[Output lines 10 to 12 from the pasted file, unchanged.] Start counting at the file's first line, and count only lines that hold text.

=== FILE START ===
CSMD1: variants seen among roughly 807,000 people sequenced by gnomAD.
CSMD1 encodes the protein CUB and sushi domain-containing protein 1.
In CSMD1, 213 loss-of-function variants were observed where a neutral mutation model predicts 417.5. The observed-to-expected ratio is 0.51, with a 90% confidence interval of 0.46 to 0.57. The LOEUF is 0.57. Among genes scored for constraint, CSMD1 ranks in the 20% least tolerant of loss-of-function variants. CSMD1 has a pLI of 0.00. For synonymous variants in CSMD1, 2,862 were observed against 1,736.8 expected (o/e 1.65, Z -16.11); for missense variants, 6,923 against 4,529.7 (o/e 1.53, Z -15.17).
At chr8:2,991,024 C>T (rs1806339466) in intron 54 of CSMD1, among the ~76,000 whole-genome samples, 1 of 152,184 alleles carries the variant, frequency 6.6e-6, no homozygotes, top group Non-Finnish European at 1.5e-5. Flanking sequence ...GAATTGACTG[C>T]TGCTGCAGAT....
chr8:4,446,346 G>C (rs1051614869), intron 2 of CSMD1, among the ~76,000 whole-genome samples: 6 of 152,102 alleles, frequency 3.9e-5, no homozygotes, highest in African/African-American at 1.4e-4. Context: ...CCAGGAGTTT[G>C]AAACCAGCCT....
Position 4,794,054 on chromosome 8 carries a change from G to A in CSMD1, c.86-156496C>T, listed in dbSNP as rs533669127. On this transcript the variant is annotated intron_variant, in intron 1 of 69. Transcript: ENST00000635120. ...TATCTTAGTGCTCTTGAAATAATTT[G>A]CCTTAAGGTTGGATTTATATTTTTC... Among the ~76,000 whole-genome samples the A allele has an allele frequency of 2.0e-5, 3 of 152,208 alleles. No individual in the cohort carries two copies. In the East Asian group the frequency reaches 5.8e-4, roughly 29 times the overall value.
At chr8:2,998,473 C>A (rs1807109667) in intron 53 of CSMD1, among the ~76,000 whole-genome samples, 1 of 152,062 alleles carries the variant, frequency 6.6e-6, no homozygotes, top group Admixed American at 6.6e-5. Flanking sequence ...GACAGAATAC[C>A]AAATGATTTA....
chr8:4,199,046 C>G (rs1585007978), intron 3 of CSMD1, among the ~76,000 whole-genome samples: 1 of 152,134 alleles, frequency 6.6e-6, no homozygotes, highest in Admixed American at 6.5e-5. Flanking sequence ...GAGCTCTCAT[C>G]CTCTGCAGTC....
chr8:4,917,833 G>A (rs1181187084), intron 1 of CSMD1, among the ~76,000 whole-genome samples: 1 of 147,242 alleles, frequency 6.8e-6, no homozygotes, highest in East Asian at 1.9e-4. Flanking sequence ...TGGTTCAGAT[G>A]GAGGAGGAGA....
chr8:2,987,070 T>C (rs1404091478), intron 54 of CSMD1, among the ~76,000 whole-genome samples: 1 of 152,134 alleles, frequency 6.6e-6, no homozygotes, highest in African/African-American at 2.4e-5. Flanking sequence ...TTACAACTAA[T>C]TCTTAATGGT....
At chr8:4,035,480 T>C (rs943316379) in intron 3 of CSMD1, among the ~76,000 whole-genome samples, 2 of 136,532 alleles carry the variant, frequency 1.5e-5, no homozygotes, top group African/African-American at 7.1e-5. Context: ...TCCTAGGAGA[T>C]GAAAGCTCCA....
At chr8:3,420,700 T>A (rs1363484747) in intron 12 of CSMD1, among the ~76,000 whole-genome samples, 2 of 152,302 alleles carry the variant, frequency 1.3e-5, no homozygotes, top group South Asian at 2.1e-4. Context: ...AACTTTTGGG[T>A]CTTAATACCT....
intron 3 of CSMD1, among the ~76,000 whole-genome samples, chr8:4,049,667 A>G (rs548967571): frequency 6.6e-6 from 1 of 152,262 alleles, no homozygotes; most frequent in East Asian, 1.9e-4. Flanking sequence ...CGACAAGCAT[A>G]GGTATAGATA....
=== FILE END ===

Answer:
chr8:2,987,070 T>C (rs1404091478), intron 54 of CSMD1, among the ~76,000 whole-genome samples: 1 of 152,134 alleles, frequency 6.6e-6, no homozygotes, highest in African/African-American at 2.4e-5. Flanking sequence ...TTACAACTAA[T>C]TCTTAATGGT....
At chr8:4,035,480 T>C (rs943316379) in intron 3 of CSMD1, among the ~76,000 whole-genome samples, 2 of 136,532 alleles carry the variant, frequency 1.5e-5, no homozygotes, top group African/African-American at 7.1e-5. Context: ...TCCTAGGAGA[T>C]GAAAGCTCCA....
At chr8:3,420,700 T>A (rs1363484747) in intron 12 of CSMD1, among the ~76,000 whole-genome samples, 2 of 152,302 alleles carry the variant, frequency 1.3e-5, no homozygotes, top group South Asian at 2.1e-4. Context: ...AACTTTTGGG[T>A]CTTAATACCT....